in criminal law, a mental state in which a person cannot be held criminally liable.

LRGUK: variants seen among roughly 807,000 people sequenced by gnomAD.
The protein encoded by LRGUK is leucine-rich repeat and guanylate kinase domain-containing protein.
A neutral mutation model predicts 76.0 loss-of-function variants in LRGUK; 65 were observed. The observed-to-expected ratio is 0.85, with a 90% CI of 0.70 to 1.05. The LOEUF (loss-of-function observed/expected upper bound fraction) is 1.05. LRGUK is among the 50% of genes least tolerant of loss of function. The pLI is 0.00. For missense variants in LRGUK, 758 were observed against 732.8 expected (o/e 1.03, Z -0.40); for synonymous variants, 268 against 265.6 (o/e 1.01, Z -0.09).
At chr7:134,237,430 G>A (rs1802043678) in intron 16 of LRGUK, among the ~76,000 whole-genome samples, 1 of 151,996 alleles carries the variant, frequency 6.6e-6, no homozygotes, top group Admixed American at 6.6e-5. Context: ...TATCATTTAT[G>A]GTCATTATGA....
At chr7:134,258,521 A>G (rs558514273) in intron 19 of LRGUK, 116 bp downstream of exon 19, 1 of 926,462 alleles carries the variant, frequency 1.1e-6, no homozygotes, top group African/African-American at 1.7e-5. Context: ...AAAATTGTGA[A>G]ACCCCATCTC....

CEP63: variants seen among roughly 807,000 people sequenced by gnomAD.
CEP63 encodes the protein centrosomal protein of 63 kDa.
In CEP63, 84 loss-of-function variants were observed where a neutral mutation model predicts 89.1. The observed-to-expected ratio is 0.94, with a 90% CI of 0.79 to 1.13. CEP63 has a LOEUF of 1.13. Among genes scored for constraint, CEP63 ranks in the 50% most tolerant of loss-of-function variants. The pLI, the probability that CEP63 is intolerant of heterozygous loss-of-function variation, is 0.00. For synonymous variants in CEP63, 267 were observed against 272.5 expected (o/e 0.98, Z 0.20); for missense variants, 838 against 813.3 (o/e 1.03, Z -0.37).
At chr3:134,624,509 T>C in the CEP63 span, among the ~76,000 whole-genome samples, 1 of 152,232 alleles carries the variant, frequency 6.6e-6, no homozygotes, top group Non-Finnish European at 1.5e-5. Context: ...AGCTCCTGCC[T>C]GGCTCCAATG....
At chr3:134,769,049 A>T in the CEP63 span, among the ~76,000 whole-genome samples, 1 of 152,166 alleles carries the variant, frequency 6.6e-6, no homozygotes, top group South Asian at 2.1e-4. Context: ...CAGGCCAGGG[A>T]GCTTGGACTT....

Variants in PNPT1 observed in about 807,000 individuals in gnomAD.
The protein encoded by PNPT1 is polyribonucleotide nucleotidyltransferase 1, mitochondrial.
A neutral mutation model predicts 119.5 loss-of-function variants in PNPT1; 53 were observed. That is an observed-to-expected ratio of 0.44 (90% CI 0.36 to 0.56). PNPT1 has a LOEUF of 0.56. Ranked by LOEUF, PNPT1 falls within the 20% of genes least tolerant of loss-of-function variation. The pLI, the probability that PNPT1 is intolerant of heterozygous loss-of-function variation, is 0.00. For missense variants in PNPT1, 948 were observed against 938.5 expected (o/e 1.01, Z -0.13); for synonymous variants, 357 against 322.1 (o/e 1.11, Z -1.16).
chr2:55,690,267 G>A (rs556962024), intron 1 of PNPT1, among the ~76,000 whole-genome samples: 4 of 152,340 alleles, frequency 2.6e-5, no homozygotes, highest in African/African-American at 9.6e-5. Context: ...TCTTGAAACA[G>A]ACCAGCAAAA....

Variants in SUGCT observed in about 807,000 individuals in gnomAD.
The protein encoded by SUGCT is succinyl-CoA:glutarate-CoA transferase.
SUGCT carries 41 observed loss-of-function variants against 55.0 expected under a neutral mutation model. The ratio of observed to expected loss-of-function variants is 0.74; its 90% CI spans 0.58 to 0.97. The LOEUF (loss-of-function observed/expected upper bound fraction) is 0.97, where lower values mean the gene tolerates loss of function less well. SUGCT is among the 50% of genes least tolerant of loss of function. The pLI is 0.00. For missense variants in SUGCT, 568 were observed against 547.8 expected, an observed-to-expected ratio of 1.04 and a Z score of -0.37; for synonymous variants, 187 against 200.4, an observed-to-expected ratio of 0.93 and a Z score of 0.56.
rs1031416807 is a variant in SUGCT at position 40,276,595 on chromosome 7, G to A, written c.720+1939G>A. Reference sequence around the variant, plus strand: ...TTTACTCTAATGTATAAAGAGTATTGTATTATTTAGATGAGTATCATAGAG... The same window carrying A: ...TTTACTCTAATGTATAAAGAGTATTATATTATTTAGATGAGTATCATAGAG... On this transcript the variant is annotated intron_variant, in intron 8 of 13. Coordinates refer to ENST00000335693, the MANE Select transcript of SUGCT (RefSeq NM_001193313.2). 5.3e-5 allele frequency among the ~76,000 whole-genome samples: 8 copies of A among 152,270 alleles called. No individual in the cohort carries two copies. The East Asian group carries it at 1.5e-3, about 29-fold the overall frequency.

In the USSR, both legal and medical criteria are used to define the state of nonimputability under criminal law. For a person’s criminal nonimputability to be recognized, it must be established that the person was not aware of the consequences of his or her actions or was unable to control such actions, and that chronic mental illness, temporary disruption of mental activity, feeblemindedness, or some other pathological condition was present. Where at least one of these pathological conditions prevails in combination with the facts of the case, as established by forensic psychiatric testimony, the court recognizes the accused to be not criminally liable. Mandatory medical measures, which do not constitute criminal punishment, may be applied to the accused by court order; such measures include placement in a general or special psychiatric hospital. Similar measures are applied in cases where the accused is criminally imputable at the time of commission of the crime but becomes mentally ill prior to sentencing.